Then, one sunny afternoon, as he stepped out of the cabin with a long piece of spindly wood across his shoulder he saw the man sitting his horse about twenty yards from the cabin. The man's hands were clearly on the saddle pommel and he was looking the place over. Jake set down the piece of lumber and there was a brief staring contest until the big man smiled and nodded.

"Afternoon," he said. "Mind if I light and set?"

"Guests are always welcome," Jake said, waving the man down. "And all too few come by. In fact, you're the first."

They sat at a makeshift table in the shade of a large tree. Jake offered cool water from the deep drywell where he stored water from the larger and closest of the three flowing bodies of water.

"Real nice spot you have here," the stranger offered. He was a big man, broad of shoulders and with an air of quiet confidence about him. Jake guessed that he was in his early forties, maybe a bit older. "Name's Matt Benedict," he said, waiting for a reaction that never came.

"Jacob Blackstock," Jake said, extending his hand and shaking the strong firm grip of Matt Benedict. "Friends call me Jake."

"Well, Jake, as I said, you've a lovely spot here. Been here long?"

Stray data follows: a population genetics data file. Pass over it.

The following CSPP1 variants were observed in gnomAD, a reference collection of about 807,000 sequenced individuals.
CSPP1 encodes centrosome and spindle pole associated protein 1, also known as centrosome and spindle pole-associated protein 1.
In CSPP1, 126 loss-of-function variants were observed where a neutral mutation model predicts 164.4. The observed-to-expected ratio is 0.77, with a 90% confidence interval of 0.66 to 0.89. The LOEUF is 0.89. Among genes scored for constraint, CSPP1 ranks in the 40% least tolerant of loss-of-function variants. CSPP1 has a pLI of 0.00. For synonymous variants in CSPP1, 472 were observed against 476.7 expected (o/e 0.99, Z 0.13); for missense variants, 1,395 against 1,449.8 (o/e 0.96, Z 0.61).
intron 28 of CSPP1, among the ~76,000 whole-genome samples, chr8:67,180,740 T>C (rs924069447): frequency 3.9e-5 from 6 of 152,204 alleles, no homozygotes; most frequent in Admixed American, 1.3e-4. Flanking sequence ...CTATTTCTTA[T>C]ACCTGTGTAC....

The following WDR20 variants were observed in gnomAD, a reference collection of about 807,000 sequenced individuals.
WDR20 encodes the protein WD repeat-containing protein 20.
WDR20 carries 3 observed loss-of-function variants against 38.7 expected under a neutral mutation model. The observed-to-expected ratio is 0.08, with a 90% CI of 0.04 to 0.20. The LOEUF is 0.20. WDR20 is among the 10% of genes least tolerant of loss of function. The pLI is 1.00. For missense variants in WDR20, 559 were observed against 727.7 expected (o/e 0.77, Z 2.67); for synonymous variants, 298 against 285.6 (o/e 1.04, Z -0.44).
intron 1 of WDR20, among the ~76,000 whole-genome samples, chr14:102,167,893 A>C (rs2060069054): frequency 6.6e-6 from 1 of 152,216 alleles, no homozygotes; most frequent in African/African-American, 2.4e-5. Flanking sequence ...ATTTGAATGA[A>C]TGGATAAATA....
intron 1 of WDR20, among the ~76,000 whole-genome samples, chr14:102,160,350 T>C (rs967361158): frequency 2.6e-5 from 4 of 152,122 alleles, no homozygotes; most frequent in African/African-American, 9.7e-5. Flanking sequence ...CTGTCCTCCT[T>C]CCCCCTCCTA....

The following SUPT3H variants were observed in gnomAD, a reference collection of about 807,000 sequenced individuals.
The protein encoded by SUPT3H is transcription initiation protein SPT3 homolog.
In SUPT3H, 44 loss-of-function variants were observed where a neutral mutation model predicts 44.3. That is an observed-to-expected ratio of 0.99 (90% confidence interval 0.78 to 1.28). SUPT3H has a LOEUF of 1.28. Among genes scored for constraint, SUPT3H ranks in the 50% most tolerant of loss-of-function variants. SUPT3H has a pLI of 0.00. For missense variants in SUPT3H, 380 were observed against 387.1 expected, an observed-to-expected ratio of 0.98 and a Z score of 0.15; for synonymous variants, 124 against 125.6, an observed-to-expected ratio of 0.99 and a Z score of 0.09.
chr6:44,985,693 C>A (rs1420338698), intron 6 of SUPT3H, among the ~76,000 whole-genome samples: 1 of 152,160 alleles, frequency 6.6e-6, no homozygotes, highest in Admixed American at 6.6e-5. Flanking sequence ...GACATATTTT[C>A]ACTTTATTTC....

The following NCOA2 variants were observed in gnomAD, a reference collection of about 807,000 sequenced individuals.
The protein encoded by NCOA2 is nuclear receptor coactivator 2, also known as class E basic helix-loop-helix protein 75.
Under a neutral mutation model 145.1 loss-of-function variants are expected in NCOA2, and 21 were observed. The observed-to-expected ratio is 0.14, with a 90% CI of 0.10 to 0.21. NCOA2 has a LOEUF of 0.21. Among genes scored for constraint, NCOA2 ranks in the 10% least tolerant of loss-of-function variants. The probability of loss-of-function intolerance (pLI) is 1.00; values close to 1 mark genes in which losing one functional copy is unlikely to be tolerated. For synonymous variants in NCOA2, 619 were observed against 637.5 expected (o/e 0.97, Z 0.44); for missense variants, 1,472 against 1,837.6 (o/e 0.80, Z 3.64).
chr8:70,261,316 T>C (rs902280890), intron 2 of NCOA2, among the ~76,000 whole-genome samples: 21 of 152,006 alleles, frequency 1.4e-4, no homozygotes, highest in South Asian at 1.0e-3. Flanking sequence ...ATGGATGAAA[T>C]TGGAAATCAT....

"A little more than three weeks. But I've been thinking about this place for almost eight years since I first saw it while riding by here when working with a trail herd. So last year I used up my savings, well most of it, bought four thousand acres from the territorial government and here I am. I've been working away on the cabin and the start of a good-sized garden so far, but I've bigger plans."

Benedict nodded. "Plans should always be big," he agreed. "And it's a nice spot. When was the last time you were here?"

"Almost three years ago. Why?"

"Well it's a nice spot but I've been through here time to time and there's a couple of things you should know. Might save you trouble later on."

Something stirred in Jake. "What's that?"

"Well, you've got some Indians as neighbours, though not living too close to here. There's a large Arapaho tribe, two or three hundred of them, some three or four days south of here. Peaceful folks mostly, so you won't likely see them or if you do they'll be friendly enough. And usually hungry."

"Suits me," Jake said. "Had some Indian friends back home in Illinois."

"You'll likely have some potentially less friendly company from time to time," Benedict said. "Have you heard of Nathan Cole?"

The name had a familiar ring but Jake shook his head.

"I thought not," Benedict said. "Cole heads up a gang of boys involved in everything from robbery to rustling. They've a more or less permanent camp a few days east of here but depending on where they're headed for their next outing they sometimes come pretty close to here. Not precisely through this valley but if they were to see cattle or see smoke rising they might be curious and come to visit or at least want to check things out."

"And then . . ."